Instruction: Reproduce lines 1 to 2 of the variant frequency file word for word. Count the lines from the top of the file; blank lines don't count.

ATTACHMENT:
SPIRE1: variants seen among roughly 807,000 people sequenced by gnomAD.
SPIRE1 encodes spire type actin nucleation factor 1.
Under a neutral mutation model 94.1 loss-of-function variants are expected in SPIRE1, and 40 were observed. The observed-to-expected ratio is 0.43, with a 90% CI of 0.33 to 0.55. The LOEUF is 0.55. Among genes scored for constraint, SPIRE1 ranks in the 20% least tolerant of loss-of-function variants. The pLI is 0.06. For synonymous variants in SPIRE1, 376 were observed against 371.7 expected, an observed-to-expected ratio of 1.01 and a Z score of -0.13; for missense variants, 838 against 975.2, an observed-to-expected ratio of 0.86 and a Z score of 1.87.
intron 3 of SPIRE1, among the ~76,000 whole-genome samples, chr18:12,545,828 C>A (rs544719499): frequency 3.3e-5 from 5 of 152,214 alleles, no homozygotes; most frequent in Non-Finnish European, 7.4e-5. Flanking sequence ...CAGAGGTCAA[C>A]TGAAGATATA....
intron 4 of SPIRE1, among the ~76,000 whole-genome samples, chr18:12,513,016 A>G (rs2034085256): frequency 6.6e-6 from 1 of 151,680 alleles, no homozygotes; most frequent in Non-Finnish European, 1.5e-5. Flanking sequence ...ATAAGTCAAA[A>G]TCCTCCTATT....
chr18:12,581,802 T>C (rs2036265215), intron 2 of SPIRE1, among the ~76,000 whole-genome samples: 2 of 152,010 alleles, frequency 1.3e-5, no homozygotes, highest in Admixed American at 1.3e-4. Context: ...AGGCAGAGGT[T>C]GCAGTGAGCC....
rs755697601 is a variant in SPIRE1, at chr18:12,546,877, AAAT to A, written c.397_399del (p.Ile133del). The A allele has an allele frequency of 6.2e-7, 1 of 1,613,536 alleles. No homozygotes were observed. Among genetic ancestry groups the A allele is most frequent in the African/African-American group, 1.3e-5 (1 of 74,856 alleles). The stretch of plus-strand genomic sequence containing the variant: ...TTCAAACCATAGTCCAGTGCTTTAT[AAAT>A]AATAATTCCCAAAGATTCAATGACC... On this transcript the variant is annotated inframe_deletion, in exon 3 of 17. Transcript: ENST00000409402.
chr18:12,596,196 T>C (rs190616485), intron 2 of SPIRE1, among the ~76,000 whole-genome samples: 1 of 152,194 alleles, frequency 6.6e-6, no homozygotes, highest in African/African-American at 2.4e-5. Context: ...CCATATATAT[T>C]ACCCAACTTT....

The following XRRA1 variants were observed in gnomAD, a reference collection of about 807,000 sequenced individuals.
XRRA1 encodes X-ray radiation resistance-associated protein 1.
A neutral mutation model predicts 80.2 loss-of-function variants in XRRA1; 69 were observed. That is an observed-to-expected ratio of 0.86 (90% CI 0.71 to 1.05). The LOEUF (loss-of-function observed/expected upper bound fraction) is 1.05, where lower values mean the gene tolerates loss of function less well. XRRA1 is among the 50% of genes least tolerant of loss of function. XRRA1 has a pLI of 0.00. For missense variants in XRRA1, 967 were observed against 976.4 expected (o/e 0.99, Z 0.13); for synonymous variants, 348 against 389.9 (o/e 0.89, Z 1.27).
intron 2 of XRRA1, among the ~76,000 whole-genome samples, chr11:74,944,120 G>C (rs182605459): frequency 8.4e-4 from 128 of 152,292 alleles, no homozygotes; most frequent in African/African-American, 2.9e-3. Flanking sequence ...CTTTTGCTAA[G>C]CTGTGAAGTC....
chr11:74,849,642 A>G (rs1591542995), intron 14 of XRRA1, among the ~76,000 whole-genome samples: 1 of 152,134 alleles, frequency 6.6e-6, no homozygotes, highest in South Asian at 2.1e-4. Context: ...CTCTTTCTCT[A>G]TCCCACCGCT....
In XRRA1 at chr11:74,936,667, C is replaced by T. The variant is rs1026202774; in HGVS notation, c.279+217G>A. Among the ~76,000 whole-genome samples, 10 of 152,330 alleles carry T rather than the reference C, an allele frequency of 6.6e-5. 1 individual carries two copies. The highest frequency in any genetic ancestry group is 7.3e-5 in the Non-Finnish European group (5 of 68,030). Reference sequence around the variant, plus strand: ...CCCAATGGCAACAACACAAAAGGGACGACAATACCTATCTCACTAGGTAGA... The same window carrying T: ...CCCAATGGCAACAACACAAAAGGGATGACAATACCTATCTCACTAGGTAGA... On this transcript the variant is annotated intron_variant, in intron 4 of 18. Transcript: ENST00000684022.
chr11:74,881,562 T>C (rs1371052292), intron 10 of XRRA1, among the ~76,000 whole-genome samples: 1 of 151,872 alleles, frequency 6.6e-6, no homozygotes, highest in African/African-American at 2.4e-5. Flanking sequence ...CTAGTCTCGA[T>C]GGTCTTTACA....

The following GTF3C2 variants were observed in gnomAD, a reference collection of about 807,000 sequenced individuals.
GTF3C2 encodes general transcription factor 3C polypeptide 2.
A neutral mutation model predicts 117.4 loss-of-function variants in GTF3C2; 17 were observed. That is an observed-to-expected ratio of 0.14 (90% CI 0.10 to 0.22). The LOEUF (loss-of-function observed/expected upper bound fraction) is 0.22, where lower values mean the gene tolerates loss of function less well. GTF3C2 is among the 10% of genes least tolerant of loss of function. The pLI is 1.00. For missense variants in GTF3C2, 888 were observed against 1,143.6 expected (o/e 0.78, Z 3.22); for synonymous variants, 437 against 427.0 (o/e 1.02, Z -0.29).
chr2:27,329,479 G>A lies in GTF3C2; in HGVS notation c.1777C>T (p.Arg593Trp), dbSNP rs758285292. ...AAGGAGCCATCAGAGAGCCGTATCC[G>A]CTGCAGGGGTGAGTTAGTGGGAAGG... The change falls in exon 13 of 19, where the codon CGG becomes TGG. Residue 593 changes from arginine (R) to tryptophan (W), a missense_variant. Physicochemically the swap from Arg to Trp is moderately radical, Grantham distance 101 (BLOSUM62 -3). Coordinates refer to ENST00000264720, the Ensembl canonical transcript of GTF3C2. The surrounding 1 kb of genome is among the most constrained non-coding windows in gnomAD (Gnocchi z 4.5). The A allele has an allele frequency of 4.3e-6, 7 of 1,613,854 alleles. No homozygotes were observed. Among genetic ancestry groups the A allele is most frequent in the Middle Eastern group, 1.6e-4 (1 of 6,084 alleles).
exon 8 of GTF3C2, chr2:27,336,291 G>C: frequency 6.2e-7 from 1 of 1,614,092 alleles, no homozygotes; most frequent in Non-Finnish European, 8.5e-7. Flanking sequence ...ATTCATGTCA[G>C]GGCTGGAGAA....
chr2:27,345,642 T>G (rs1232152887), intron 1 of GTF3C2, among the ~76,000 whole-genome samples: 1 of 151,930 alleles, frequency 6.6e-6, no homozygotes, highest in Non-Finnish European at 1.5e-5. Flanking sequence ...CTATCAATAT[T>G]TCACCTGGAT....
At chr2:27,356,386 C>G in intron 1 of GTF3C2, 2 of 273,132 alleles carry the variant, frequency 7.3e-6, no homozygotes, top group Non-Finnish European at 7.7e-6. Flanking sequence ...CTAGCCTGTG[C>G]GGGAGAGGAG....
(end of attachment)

SPIRE1: variants seen among roughly 807,000 people sequenced by gnomAD.
SPIRE1 encodes spire type actin nucleation factor 1.